2020 October-November Analysis Featured

Dreams of Batumi as a European theatre capital, reflections on the stage in the times of COVID

The harbor city of Batumi has been transformed during the pandemic. After a short influx of local tourists, its bustling summertime atmosphere has disappeared, even on its famous seaside boulevard.

But this is exactly how Andro Enukidze, artistic director of the Ilia Chavchavadze Drama Theater of Batumi, likes the city: peaceful, intimate, and quiet. Enukidze, who is also a Professor at the Shota Rustaveli Movie and Theater University, says he sees Batumi as a place of opportunity in the art world.

“When I came to work in Batumi, I had an excellent chance to use my previous experiences received from many international stages and to establish my own creative world here,” says the artist, his eyes sparkling.

Since 2014, when he was appointed main artistic director of the Batumi Drama Theater, Enukidze has cherished the dream of Batumi becoming a new theater capital of Europe. Little by little, he says his dream is coming true, and the city is gradually witnessing the birth of a vibrant theatre life.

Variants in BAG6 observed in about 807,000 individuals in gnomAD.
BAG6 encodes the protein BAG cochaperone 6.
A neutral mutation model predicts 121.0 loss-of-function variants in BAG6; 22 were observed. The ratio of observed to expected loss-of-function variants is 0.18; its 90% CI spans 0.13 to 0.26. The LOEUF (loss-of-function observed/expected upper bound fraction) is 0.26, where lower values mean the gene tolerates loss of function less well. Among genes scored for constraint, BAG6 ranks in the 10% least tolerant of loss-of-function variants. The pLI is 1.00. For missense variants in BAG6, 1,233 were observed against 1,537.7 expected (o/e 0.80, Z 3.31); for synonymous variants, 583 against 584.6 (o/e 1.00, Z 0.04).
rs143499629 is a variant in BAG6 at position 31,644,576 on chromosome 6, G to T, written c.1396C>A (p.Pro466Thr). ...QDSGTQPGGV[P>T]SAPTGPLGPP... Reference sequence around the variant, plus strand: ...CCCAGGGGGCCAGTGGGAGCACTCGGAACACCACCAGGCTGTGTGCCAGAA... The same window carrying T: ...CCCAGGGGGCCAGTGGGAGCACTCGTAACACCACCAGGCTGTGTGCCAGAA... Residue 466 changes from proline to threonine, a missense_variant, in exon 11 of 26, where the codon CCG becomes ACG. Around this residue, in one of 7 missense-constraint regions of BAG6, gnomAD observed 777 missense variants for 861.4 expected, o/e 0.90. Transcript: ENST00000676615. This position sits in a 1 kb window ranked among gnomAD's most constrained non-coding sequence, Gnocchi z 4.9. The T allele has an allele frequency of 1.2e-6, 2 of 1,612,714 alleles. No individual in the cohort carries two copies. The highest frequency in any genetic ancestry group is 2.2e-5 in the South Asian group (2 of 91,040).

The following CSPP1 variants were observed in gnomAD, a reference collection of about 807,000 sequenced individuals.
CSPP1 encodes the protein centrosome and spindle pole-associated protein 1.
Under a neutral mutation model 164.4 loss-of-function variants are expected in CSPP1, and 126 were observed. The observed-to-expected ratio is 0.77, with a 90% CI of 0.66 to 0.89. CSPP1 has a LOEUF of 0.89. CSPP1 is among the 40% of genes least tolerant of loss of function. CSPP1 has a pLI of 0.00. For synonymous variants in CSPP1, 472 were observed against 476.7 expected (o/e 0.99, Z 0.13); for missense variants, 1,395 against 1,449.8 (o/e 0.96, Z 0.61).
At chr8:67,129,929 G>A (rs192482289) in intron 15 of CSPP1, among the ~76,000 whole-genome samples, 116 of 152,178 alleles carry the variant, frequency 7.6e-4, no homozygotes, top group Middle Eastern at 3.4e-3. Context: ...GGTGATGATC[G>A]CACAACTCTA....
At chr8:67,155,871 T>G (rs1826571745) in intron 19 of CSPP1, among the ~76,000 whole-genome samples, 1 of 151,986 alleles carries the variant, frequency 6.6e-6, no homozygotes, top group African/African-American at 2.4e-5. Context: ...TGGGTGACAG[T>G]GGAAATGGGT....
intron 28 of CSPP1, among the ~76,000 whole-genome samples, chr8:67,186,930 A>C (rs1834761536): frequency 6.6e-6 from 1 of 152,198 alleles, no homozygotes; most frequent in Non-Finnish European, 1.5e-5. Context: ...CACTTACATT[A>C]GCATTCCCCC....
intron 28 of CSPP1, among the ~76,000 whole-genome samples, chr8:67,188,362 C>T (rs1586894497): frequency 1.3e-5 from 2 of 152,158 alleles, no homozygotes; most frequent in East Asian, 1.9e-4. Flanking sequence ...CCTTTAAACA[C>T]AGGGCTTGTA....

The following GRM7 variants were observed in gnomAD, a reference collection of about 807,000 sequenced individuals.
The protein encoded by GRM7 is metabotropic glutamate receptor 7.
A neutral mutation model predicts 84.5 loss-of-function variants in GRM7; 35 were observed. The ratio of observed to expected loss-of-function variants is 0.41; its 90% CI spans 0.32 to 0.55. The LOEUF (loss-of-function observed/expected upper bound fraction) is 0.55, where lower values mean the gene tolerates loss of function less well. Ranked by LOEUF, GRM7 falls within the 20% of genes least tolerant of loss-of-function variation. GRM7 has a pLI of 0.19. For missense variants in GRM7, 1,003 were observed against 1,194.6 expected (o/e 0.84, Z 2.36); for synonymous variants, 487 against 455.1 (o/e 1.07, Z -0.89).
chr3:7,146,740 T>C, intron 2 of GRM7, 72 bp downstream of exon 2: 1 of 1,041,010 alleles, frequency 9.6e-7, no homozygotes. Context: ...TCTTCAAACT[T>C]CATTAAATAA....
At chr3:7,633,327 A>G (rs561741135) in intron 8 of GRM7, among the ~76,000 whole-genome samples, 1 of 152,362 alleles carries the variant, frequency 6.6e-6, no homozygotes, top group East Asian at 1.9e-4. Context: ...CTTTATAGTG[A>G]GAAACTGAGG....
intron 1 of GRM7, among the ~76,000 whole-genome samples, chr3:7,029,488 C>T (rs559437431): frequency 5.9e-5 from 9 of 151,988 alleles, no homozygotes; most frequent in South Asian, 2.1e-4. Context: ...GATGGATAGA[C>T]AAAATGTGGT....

Last December, he organized an international theater festival, in which some of the world’s most renowned theater groups took part, including the Berliner Ensemble.

However, due to the pandemic, the theater’s international activities had to be cancelled. “What could we do about it? The whole world is experiencing shutdowns, so we have to share in this destiny, too”, he says.

Shortly before the curfew was put in place in March, Enukidze was in Poland rehearsing, as the invited director to stage Berthold Brecht’s Caucasian Сircle at the Heleny Modrzejewskiej Drama Theater in Legnicy. Suddenly, however, after only two weeks of rehearsals, he had to abandon the project and return home to Georgia.